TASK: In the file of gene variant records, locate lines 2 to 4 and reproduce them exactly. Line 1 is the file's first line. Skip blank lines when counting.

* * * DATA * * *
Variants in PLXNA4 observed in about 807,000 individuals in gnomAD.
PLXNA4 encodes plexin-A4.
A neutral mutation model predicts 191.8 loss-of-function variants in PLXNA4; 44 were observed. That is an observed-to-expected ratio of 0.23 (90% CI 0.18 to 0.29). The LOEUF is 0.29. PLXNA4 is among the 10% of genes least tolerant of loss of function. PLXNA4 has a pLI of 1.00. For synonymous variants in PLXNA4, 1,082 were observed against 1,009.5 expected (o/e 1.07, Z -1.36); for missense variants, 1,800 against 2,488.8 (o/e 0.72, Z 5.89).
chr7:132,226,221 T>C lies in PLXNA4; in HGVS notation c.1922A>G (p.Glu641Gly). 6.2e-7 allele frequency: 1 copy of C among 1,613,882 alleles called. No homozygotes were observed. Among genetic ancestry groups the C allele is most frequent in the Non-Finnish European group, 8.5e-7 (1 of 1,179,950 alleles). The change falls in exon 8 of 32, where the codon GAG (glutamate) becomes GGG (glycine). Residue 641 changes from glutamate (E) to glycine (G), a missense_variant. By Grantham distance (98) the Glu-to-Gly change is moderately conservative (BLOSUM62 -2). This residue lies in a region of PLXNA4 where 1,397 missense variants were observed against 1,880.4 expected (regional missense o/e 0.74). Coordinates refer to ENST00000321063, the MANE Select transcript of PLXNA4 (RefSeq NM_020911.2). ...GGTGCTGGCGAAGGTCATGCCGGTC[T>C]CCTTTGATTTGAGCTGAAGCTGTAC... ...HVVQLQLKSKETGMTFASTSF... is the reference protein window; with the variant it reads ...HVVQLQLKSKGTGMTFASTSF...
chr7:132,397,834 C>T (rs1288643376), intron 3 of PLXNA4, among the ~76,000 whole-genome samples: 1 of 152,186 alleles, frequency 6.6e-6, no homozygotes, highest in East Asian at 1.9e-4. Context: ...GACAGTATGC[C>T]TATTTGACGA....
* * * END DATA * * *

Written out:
PLXNA4 encodes plexin-A4.
A neutral mutation model predicts 191.8 loss-of-function variants in PLXNA4; 44 were observed. That is an observed-to-expected ratio of 0.23 (90% CI 0.18 to 0.29). The LOEUF is 0.29. PLXNA4 is among the 10% of genes least tolerant of loss of function. PLXNA4 has a pLI of 1.00. For synonymous variants in PLXNA4, 1,082 were observed against 1,009.5 expected (o/e 1.07, Z -1.36); for missense variants, 1,800 against 2,488.8 (o/e 0.72, Z 5.89).
chr7:132,226,221 T>C lies in PLXNA4; in HGVS notation c.1922A>G (p.Glu641Gly). 6.2e-7 allele frequency: 1 copy of C among 1,613,882 alleles called. No homozygotes were observed. Among genetic ancestry groups the C allele is most frequent in the Non-Finnish European group, 8.5e-7 (1 of 1,179,950 alleles). The change falls in exon 8 of 32, where the codon GAG (glutamate) becomes GGG (glycine). Residue 641 changes from glutamate (E) to glycine (G), a missense_variant. By Grantham distance (98) the Glu-to-Gly change is moderately conservative (BLOSUM62 -2). This residue lies in a region of PLXNA4 where 1,397 missense variants were observed against 1,880.4 expected (regional missense o/e 0.74). Coordinates refer to ENST00000321063, the MANE Select transcript of PLXNA4 (RefSeq NM_020911.2). ...GGTGCTGGCGAAGGTCATGCCGGTC[T>C]CCTTTGATTTGAGCTGAAGCTGTAC... ...HVVQLQLKSKETGMTFASTSF... is the reference protein window; with the variant it reads ...HVVQLQLKSKGTGMTFASTSF...